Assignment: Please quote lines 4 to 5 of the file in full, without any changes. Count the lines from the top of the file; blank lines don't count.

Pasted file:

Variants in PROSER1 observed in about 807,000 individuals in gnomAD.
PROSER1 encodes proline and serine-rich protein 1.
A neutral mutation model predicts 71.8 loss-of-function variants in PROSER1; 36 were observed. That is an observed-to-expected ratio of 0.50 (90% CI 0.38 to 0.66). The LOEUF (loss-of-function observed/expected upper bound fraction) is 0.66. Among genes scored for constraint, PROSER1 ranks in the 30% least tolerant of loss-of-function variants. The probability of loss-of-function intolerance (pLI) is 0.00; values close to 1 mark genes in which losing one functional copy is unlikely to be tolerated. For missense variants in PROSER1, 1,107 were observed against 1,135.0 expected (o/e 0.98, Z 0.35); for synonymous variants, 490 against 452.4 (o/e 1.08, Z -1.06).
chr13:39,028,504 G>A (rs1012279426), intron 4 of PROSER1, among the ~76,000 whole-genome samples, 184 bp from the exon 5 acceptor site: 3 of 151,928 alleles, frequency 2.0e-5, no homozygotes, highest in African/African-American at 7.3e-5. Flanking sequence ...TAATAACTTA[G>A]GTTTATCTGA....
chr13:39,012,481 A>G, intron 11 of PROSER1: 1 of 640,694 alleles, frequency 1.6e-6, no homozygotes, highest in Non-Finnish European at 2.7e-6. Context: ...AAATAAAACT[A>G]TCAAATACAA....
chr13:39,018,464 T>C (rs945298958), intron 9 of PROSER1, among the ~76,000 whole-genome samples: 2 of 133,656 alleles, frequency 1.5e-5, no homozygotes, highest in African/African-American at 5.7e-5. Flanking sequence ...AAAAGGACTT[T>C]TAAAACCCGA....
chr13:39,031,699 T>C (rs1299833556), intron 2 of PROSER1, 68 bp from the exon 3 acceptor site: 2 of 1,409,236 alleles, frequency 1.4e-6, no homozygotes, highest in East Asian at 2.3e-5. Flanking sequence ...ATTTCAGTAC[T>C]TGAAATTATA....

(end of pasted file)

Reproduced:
chr13:39,028,504 G>A (rs1012279426), intron 4 of PROSER1, among the ~76,000 whole-genome samples, 184 bp from the exon 5 acceptor site: 3 of 151,928 alleles, frequency 2.0e-5, no homozygotes, highest in African/African-American at 7.3e-5. Flanking sequence ...TAATAACTTA[G>A]GTTTATCTGA....
chr13:39,012,481 A>G, intron 11 of PROSER1: 1 of 640,694 alleles, frequency 1.6e-6, no homozygotes, highest in Non-Finnish European at 2.7e-6. Context: ...AAATAAAACT[A>G]TCAAATACAA....